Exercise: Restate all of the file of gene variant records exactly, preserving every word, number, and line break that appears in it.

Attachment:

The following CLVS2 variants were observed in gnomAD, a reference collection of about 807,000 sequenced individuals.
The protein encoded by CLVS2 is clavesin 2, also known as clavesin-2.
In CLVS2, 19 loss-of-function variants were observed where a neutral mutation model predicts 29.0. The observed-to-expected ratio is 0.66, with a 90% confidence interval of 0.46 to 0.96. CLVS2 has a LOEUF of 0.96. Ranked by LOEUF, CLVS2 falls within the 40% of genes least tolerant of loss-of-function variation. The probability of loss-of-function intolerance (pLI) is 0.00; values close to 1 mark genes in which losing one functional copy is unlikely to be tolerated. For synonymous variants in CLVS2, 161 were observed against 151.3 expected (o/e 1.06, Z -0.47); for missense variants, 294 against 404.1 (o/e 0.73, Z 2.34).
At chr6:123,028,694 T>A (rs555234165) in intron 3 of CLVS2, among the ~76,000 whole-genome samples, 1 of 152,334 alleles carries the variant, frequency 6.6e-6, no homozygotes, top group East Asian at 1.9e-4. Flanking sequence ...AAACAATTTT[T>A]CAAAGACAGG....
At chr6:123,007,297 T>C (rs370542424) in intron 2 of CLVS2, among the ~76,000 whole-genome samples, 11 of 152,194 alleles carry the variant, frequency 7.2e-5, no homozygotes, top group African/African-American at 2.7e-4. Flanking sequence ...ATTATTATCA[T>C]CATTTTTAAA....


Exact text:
The following CLVS2 variants were observed in gnomAD, a reference collection of about 807,000 sequenced individuals.
The protein encoded by CLVS2 is clavesin 2, also known as clavesin-2.
In CLVS2, 19 loss-of-function variants were observed where a neutral mutation model predicts 29.0. The observed-to-expected ratio is 0.66, with a 90% confidence interval of 0.46 to 0.96. CLVS2 has a LOEUF of 0.96. Ranked by LOEUF, CLVS2 falls within the 40% of genes least tolerant of loss-of-function variation. The probability of loss-of-function intolerance (pLI) is 0.00; values close to 1 mark genes in which losing one functional copy is unlikely to be tolerated. For synonymous variants in CLVS2, 161 were observed against 151.3 expected (o/e 1.06, Z -0.47); for missense variants, 294 against 404.1 (o/e 0.73, Z 2.34).
At chr6:123,028,694 T>A (rs555234165) in intron 3 of CLVS2, among the ~76,000 whole-genome samples, 1 of 152,334 alleles carries the variant, frequency 6.6e-6, no homozygotes, top group East Asian at 1.9e-4. Flanking sequence ...AAACAATTTT[T>A]CAAAGACAGG....
At chr6:123,007,297 T>C (rs370542424) in intron 2 of CLVS2, among the ~76,000 whole-genome samples, 11 of 152,194 alleles carry the variant, frequency 7.2e-5, no homozygotes, top group African/African-American at 2.7e-4. Flanking sequence ...ATTATTATCA[T>C]CATTTTTAAA....